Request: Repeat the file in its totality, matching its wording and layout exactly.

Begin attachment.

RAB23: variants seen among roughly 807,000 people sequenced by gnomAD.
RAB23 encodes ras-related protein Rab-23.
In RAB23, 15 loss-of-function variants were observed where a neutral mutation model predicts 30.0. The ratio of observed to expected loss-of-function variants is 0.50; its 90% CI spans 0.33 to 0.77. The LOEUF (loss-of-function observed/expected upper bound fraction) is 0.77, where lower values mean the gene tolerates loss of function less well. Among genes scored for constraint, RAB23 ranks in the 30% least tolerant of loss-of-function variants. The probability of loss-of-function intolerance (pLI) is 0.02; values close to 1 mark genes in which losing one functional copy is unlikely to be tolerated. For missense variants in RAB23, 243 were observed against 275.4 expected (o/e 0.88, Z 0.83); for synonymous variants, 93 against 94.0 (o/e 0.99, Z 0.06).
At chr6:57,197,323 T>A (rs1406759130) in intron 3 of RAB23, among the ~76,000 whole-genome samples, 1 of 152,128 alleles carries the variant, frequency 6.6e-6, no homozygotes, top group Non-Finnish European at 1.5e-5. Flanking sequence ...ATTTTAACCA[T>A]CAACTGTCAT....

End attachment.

RAB23: variants seen among roughly 807,000 people sequenced by gnomAD.
RAB23 encodes ras-related protein Rab-23.
In RAB23, 15 loss-of-function variants were observed where a neutral mutation model predicts 30.0. The ratio of observed to expected loss-of-function variants is 0.50; its 90% CI spans 0.33 to 0.77. The LOEUF (loss-of-function observed/expected upper bound fraction) is 0.77, where lower values mean the gene tolerates loss of function less well. Among genes scored for constraint, RAB23 ranks in the 30% least tolerant of loss-of-function variants. The probability of loss-of-function intolerance (pLI) is 0.02; values close to 1 mark genes in which losing one functional copy is unlikely to be tolerated. For missense variants in RAB23, 243 were observed against 275.4 expected (o/e 0.88, Z 0.83); for synonymous variants, 93 against 94.0 (o/e 0.99, Z 0.06).
At chr6:57,197,323 T>A (rs1406759130) in intron 3 of RAB23, among the ~76,000 whole-genome samples, 1 of 152,128 alleles carries the variant, frequency 6.6e-6, no homozygotes, top group Non-Finnish European at 1.5e-5. Flanking sequence ...ATTTTAACCA[T>A]CAACTGTCAT....